What is art? It is a question that will elicit a multitude of answers, and it is unlikely that any two will be alike. Our view of art is largely informed by our own experiences. But intellectual curiosity keeps you young, and it is critical to our growth that we get beyond our own myopic view.
I was reminded of the importance of challenging assumptions when I visited the Asian Art Museum last week.
With only days left in its run, I had come to the museum to see its latest exhibit, Gorgeous, which blends together 72 pieces from the collections of the Asian Art Museum and the San Francisco Museum of Modern Art.
Gorgeous as a concept is much like art in that we all define it in very different ways. Sometimes the mere act of finding something gorgeous cannot be explained but can only be felt.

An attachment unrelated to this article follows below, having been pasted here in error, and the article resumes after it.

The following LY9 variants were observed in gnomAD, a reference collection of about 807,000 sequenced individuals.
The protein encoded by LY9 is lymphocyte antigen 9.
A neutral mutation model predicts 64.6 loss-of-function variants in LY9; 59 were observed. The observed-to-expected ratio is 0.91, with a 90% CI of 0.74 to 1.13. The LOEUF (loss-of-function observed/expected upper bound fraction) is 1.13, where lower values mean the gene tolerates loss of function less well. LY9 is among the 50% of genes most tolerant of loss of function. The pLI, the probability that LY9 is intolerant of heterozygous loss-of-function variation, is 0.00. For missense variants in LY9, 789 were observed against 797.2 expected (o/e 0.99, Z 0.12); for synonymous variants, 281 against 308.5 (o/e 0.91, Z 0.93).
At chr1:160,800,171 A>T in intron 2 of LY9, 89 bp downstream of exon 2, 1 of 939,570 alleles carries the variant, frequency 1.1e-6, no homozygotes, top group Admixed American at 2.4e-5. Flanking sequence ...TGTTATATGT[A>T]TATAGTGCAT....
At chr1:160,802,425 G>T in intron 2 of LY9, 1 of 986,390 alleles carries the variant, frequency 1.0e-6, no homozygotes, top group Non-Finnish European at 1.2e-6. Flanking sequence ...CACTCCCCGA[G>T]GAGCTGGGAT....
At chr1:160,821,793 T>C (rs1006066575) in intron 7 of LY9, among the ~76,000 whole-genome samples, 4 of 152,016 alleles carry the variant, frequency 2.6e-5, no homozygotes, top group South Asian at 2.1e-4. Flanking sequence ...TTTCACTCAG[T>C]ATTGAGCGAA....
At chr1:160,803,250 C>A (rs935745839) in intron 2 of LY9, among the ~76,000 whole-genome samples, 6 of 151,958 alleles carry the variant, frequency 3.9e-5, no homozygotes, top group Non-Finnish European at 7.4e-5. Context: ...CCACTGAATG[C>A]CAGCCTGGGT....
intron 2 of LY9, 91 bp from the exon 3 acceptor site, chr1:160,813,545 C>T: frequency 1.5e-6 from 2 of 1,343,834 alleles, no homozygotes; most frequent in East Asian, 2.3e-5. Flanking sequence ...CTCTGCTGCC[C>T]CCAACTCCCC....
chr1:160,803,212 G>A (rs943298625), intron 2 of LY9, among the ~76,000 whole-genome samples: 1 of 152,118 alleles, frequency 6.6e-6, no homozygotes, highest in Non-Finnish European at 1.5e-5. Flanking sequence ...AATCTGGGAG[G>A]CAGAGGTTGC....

Going into the exhibit, I was of the notion that modern art was Gorgeous while Asian art lacked a certain resonance with me. And the idea of the precision laden silk scrolls of Chobunsai Eishi next to the sexually charged brush strokes of Picasso’s “Les femmes d’Alger” seemed an odd match a best.
The four rooms making up the exhibit were dissonant, emotional, beautiful and at times confounding. My tendency was to gravitate toward the modern art, but I forced myself to work through the Asian pieces and learn their story too.
As I moved through each room and shook away my biases, I began to see the pieces with new eyes. Never was Mark Rothko’s No. 14 more beautiful than with the juxtaposition of the bronze Bodhisattva Avalokiteshvara (considered the personification of compassion) in the foreground.
In the end, I learned that my previous disinterest in Asian art was probably marked by my lack of understanding of it. And that sometimes to challenge our assumptions, we just need a different perspective.